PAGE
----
coredump.conf, coredump.conf.d - Core dump storage configuration files
The default configuration is set during compilation, so configuration is only
needed when it is necessary to deviate from those defaults. Initially, the
main configuration file in /etc/systemd/ contains commented out entries
showing the defaults as a guide to the administrator. Local overrides can be
created by editing this file or by creating drop-ins, as described below.
Using drop-ins for local configuration is recommended over modifications to
the main configuration file.
In addition to the "main" configuration file, drop-in
configuration snippets are read from /usr/lib/systemd/*.conf.d/,
/usr/local/lib/systemd/*.conf.d/, and /etc/systemd/*.conf.d/. Those drop-ins
have higher precedence and override the main configuration file. Files in
the *.conf.d/ configuration subdirectories are sorted by their filename in
lexicographic order, regardless of in which of the subdirectories they
reside. When multiple files specify the same option, for options which
accept just a single value, the entry in the file sorted last takes
precedence, and for options which accept a list of values, entries are
collected as they occur in the sorted files.
When packages need to customize the configuration, they can
install drop-ins under /usr/. Files in /etc/ are reserved for the local
administrator, who may use this logic to override the configuration files
installed by vendor packages. Drop-ins have to be used to override package
drop-ins, since the main configuration file has lower precedence. It is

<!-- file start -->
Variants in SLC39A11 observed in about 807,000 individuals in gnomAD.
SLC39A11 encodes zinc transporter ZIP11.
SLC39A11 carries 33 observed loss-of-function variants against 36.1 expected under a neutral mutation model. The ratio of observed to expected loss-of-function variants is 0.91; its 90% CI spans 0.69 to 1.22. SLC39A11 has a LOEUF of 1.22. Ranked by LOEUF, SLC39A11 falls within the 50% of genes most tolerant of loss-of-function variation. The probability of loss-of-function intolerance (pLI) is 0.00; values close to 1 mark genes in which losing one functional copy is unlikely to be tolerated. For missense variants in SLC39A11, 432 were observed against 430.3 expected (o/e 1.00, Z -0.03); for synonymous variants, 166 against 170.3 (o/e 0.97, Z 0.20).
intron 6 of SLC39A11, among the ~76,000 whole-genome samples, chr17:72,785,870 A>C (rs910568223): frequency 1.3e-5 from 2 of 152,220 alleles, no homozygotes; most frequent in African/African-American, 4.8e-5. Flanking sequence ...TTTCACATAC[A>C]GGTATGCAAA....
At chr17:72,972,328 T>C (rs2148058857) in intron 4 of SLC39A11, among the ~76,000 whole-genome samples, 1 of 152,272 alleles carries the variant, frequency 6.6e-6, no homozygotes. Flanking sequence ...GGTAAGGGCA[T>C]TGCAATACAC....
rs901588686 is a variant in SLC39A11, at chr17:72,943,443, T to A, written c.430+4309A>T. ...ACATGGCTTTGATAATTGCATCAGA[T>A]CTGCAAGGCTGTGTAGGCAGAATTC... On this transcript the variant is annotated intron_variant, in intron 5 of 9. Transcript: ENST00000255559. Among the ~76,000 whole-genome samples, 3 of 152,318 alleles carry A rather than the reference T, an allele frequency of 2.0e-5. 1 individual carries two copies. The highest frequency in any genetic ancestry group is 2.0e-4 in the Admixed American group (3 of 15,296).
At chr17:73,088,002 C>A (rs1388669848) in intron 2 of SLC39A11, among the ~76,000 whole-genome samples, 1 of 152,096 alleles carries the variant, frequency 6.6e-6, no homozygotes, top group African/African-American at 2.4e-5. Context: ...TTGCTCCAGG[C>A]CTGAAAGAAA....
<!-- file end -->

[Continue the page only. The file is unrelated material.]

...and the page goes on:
recommended to prefix all filenames in those subdirectories with a two-digit
number and a dash, to simplify the ordering of the files.
To disable a configuration file supplied by the vendor, the
recommended way is to place a symlink to /dev/null in the configuration
directory in /etc/, with the same filename as the vendor configuration
All options are configured in the [Coredump] section:
Controls where to store cores. One of "none",
"external", and "journal". When "none", the core
dumps may be logged (including the backtrace if possible), but not stored
permanently. When "external" (the default), cores will be stored in
/var/lib/systemd/coredump/. When "journal", cores will be stored in
the journal and rotated following normal journal rotation patterns.
When cores are stored in the journal, they might be compressed
following journal compression settings, see journald.conf(5). When
cores are stored externally, they will be compressed by default, see
Controls compression for external storage. Takes a
boolean argument, which defaults to "yes".
The maximum size in bytes of a core which will be
processed. Core dumps exceeding this size may be stored, but the backtrace
will not be generated. Like other sizes in this same config file, the usual
suffixes to the base of 1024 are allowed (B, K, M, G, T, P, and E.)
Setting Storage=none and ProcessSizeMax=0 disables
all coredump handling except for a log entry.
The maximum (uncompressed) size in bytes of a core to be
saved. Unit suffixes are allowed just as in ProcessSizeMax=
Enforce limits on the disk space, specified in bytes,
taken up by externally stored core dumps. Unit suffixes are allowed just as in
makes sure that old core dumps are
removed as soon as the total disk space taken up by core dumps grows beyond
this limit (defaults to 10% of the total disk size). KeepFree=
how much disk space to keep free at least (defaults to 15% of the total disk
size). Note that the disk space used by core dumps might temporarily exceed
these limits while core dumps are processed. Note that old core dumps are also
removed based on time via systemd-tmpfiles(8)
. Set either value to 0 to
turn off size-based clean-up.
The defaults for all values are listed as comments in the template
/etc/systemd/coredump.conf file that is installed by default.